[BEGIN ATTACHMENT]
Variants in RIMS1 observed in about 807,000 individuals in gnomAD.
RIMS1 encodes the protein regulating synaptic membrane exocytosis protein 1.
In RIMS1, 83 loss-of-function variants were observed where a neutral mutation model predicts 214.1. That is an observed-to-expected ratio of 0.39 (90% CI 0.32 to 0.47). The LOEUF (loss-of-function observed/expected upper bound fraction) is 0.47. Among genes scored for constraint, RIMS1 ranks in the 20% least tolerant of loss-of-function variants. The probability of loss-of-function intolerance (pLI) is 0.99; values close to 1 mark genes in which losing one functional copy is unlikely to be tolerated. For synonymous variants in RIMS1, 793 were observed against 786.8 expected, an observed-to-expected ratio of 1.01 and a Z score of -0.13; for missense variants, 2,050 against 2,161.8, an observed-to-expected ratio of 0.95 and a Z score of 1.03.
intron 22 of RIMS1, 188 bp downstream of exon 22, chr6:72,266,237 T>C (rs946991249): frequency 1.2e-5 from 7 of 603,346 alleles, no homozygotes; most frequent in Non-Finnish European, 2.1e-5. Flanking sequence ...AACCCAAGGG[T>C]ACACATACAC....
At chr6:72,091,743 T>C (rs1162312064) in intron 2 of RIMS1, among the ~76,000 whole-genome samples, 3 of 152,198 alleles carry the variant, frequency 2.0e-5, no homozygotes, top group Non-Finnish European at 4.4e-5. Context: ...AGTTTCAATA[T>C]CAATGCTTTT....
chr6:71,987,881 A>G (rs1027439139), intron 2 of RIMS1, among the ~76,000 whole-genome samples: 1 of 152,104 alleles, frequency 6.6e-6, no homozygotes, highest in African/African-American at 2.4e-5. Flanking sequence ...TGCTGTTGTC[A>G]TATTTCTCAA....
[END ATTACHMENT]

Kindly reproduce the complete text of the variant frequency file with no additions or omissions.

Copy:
Variants in RIMS1 observed in about 807,000 individuals in gnomAD.
RIMS1 encodes the protein regulating synaptic membrane exocytosis protein 1.
In RIMS1, 83 loss-of-function variants were observed where a neutral mutation model predicts 214.1. That is an observed-to-expected ratio of 0.39 (90% CI 0.32 to 0.47). The LOEUF (loss-of-function observed/expected upper bound fraction) is 0.47. Among genes scored for constraint, RIMS1 ranks in the 20% least tolerant of loss-of-function variants. The probability of loss-of-function intolerance (pLI) is 0.99; values close to 1 mark genes in which losing one functional copy is unlikely to be tolerated. For synonymous variants in RIMS1, 793 were observed against 786.8 expected, an observed-to-expected ratio of 1.01 and a Z score of -0.13; for missense variants, 2,050 against 2,161.8, an observed-to-expected ratio of 0.95 and a Z score of 1.03.
intron 22 of RIMS1, 188 bp downstream of exon 22, chr6:72,266,237 T>C (rs946991249): frequency 1.2e-5 from 7 of 603,346 alleles, no homozygotes; most frequent in Non-Finnish European, 2.1e-5. Flanking sequence ...AACCCAAGGG[T>C]ACACATACAC....
At chr6:72,091,743 T>C (rs1162312064) in intron 2 of RIMS1, among the ~76,000 whole-genome samples, 3 of 152,198 alleles carry the variant, frequency 2.0e-5, no homozygotes, top group Non-Finnish European at 4.4e-5. Context: ...AGTTTCAATA[T>C]CAATGCTTTT....
chr6:71,987,881 A>G (rs1027439139), intron 2 of RIMS1, among the ~76,000 whole-genome samples: 1 of 152,104 alleles, frequency 6.6e-6, no homozygotes, highest in African/African-American at 2.4e-5. Flanking sequence ...TGCTGTTGTC[A>G]TATTTCTCAA....